Deanna Durbin, a child movie star from the Depression era whose plucky persona and soprano voice on the big screen helped struggling Americans escape from their daily struggles, died earlier this week. She was 91.
Durbin's death was announced via a Deanna Durbin Society newsletter
, in which her son, Peter David, thanked fans for respecting her privacy. David said his mother died "a few days ago" and not much else, the New York Times reported.
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In addition to charming audiences, Durbin's first movie, "Three Smart Girls," was box-office gold. Durbin single-handedly fixed Universal Pictures' revenue problems, saving the motion picture studio from bankruptcy with her hits.
Durbin left the lime light in 1949, retiring at the age of 28 after starring in 21 feature films.
The Canadian-born actress relocated to a village in France where she raised two children with her third husband, French director Charles David.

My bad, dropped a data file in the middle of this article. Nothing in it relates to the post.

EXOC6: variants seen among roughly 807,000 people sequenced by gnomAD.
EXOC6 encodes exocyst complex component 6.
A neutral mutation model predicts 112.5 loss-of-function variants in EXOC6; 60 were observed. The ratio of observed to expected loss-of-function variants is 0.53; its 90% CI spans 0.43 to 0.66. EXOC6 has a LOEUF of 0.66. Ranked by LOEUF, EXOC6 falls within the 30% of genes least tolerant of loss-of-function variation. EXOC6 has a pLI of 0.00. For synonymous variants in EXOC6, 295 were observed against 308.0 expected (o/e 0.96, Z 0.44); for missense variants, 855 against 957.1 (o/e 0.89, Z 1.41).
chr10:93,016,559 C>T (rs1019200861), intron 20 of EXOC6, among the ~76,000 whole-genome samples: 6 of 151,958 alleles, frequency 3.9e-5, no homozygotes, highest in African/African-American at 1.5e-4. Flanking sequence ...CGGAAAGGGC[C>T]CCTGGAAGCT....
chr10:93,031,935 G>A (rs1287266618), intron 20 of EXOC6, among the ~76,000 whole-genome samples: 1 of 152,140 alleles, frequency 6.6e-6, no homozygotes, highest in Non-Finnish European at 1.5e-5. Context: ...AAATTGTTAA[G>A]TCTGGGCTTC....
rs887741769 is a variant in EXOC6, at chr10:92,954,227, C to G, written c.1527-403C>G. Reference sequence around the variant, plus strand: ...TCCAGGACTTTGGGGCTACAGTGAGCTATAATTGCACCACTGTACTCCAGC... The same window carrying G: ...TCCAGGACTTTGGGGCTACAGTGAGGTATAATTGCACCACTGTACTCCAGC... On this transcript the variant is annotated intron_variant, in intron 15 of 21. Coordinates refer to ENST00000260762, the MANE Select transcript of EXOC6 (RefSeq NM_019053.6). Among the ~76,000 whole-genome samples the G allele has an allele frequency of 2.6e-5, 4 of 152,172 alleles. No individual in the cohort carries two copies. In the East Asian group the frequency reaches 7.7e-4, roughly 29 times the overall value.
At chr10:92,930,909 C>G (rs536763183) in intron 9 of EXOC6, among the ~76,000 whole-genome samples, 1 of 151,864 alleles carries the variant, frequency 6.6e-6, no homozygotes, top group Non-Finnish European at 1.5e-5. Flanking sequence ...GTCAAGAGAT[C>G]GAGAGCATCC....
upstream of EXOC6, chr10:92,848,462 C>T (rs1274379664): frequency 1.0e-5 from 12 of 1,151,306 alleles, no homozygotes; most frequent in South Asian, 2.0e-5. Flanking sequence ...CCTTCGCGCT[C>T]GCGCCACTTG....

In 1958, Durbin, who gave no interviews after leaving Hollywood, sent a letter to reporters about her life in France.
"I was never happy making pictures. I’ve gained weight. I do my own shopping, bring up my two children and sing an hour every day," she wrote.
Durbin, like several other high-profile child stars in 1940s Hollywood, was critical of the way children were portrayed on the big screen.
"I was a typical 13-year-old American girl," wrote Durbin. "The character I was forced into had little or nothing in common with myself — or with other youth of my generation, for that matter."
Durbin couldn't understand why her character appealed to so many of her contemporaries.
"I could never believe that my contemporaries were my fans," Durbin added. "They may have been impressed with my 'success.' but my fans were the parents, many of whom could not cope with their own youngsters. They sort of adopted me as their ‘perfect’ daughter."
In 1946, Durbin earned a salary of $323,477 from Universal Pictures. She was the second-highest-paid woman in America, just $5,000 shy of actress Bette Davis, the Times reported.
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